Consumer Products

Peloton Gets Worse

Peloton Interactive Inc. (NASDAQ: PTON), one of the stock market darlings of the early stages of the COVID-19 pandemic, has fallen apart. Several analysts believe this will only get worse during the holidays. The exercise equipment company needs to show that its sales rose sharply in November and December. Management already knows how the numbers will look.

One analyst’s comments sum up Peloton’s problem. John Blackledge of Cowen said, as quoted by Barron’s, “Our proprietary survey data also reflects a stabilization in consumer interest, but at lower levels relative to pre-pandemic demand.” In other words, there is no recovery in the future.

2022 has been a brutal period for Peloton shareholders. The stock is off 64% this year. A good deal of the sell-off is because investors have no confidence in Peloton’s new CEO, Brian McCarthy, who was chief financial officer of Spotify and Netflix. His background hardly seems appropriate to turn around a fitness company.


McCarthy has made several questionable decisions. Among these is to sell Pelotons on Amazon. That puts its products on a platform that sells less expensive competition. It took a similar risk with Dick’s Sporting Goods. Peloton also has started to sell used versions of its products, which is a sure way to create competition for its new ones. It also devalues the products in the eyes of potential customers.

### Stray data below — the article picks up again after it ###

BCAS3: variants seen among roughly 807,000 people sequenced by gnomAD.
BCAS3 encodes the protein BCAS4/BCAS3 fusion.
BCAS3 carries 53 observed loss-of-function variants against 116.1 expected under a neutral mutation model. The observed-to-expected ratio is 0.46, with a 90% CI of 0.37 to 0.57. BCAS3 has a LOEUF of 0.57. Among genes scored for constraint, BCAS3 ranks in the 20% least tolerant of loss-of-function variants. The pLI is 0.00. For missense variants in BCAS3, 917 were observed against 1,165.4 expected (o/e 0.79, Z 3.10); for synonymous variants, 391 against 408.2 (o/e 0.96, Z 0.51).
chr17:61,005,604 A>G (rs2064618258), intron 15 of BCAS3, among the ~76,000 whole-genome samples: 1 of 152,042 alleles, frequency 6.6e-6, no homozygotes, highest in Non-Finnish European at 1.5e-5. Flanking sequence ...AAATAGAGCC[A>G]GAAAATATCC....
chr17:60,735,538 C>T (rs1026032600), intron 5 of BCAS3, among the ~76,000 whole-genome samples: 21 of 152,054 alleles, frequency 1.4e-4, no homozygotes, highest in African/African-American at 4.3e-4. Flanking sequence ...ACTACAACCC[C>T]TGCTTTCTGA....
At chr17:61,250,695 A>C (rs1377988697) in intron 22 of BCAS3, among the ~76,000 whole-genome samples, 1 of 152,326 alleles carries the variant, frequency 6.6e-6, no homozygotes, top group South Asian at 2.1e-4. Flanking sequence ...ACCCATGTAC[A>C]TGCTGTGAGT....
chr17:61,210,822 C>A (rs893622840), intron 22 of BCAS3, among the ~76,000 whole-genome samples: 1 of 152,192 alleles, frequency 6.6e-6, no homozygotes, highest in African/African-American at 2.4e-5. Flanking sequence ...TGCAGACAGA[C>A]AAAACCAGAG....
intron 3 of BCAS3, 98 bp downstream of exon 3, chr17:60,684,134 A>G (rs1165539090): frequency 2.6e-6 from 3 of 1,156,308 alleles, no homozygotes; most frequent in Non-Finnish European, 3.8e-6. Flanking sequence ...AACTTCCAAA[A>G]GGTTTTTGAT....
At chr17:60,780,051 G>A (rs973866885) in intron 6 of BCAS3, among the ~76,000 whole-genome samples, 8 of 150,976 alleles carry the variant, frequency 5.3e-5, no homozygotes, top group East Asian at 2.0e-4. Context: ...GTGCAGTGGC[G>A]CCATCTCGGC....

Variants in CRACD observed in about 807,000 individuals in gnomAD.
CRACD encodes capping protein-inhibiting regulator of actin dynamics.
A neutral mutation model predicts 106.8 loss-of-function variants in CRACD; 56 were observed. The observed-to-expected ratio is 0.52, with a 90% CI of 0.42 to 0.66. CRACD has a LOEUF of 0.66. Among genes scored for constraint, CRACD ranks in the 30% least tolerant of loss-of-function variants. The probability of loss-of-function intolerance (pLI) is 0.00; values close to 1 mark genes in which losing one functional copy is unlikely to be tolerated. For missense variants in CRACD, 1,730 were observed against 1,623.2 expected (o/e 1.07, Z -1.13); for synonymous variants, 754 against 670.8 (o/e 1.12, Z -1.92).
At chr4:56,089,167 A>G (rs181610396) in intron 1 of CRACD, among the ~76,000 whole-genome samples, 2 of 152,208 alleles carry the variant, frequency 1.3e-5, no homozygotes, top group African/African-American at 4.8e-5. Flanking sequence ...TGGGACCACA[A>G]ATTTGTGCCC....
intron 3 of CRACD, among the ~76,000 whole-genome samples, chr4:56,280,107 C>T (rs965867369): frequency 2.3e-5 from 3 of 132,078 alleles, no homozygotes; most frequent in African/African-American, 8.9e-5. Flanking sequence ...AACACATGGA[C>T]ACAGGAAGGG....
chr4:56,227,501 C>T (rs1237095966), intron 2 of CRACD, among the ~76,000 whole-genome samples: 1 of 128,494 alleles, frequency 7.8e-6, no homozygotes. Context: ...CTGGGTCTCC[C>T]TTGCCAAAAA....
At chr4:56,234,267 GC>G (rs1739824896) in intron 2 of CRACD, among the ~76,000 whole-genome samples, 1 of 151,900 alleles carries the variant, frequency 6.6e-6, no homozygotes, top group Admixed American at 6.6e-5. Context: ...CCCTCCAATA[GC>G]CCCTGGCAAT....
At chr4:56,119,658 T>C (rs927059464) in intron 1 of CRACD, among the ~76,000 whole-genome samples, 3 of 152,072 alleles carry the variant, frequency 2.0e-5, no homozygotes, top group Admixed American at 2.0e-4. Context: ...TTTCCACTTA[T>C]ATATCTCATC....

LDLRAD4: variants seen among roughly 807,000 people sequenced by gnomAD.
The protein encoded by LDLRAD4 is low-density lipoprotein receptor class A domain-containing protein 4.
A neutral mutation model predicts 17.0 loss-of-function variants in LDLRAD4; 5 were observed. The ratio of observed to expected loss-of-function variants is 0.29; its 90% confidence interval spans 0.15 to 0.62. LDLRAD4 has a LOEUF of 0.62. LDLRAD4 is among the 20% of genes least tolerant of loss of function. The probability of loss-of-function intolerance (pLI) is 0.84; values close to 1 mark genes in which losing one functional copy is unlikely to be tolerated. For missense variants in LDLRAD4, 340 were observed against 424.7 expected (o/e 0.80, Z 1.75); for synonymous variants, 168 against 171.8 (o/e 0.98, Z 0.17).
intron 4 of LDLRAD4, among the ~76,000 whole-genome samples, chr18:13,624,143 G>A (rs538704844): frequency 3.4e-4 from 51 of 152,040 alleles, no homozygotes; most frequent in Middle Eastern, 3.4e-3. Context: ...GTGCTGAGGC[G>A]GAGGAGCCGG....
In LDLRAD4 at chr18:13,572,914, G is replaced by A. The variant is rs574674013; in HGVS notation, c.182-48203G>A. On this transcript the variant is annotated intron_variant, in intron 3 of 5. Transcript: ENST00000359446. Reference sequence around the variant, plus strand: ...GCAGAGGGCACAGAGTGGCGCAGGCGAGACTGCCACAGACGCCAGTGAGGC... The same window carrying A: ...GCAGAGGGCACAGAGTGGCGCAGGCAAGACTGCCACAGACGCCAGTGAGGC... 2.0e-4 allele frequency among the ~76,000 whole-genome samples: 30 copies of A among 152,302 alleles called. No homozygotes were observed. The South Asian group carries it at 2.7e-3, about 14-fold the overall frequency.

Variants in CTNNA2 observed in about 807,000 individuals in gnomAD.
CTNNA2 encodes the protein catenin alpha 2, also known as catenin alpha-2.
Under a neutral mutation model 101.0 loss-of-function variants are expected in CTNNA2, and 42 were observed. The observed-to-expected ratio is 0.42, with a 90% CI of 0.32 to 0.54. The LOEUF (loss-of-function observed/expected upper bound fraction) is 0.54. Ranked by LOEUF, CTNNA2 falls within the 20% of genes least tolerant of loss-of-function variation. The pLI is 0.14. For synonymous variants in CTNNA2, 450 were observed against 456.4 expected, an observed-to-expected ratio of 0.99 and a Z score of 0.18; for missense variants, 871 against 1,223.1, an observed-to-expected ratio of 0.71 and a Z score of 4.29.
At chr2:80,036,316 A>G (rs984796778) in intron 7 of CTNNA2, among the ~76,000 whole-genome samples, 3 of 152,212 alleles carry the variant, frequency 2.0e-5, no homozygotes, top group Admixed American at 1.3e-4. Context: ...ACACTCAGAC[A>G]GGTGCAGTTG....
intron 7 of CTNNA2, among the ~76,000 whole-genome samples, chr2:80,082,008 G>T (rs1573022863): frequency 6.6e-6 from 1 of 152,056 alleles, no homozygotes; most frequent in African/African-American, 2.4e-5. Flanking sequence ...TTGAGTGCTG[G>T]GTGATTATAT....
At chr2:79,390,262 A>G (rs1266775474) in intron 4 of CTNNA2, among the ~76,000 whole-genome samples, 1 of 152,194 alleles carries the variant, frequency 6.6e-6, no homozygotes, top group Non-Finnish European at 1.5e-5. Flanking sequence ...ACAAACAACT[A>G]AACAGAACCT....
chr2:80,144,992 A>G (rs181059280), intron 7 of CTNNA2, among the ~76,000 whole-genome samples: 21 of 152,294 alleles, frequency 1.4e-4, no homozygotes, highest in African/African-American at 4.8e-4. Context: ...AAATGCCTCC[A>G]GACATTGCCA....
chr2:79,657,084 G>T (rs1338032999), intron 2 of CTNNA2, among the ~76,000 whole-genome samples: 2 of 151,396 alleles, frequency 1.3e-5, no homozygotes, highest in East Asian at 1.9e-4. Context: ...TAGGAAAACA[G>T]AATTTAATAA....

McCarthy has shuttered many Peloton retail locations and outsourced much of the company’s manufacturing. As part of this strategy, he has laid off a portion of the workforce.


The fruit of McCarthy’s work is revenue dropping 23% in the most recently reported quarter to $617 million. Peloton lost $409 million in the period.

McCarthy has expressed anxiety about the holiday season and the economy in general. Put another way, he has some skepticism about his own recovery plans.

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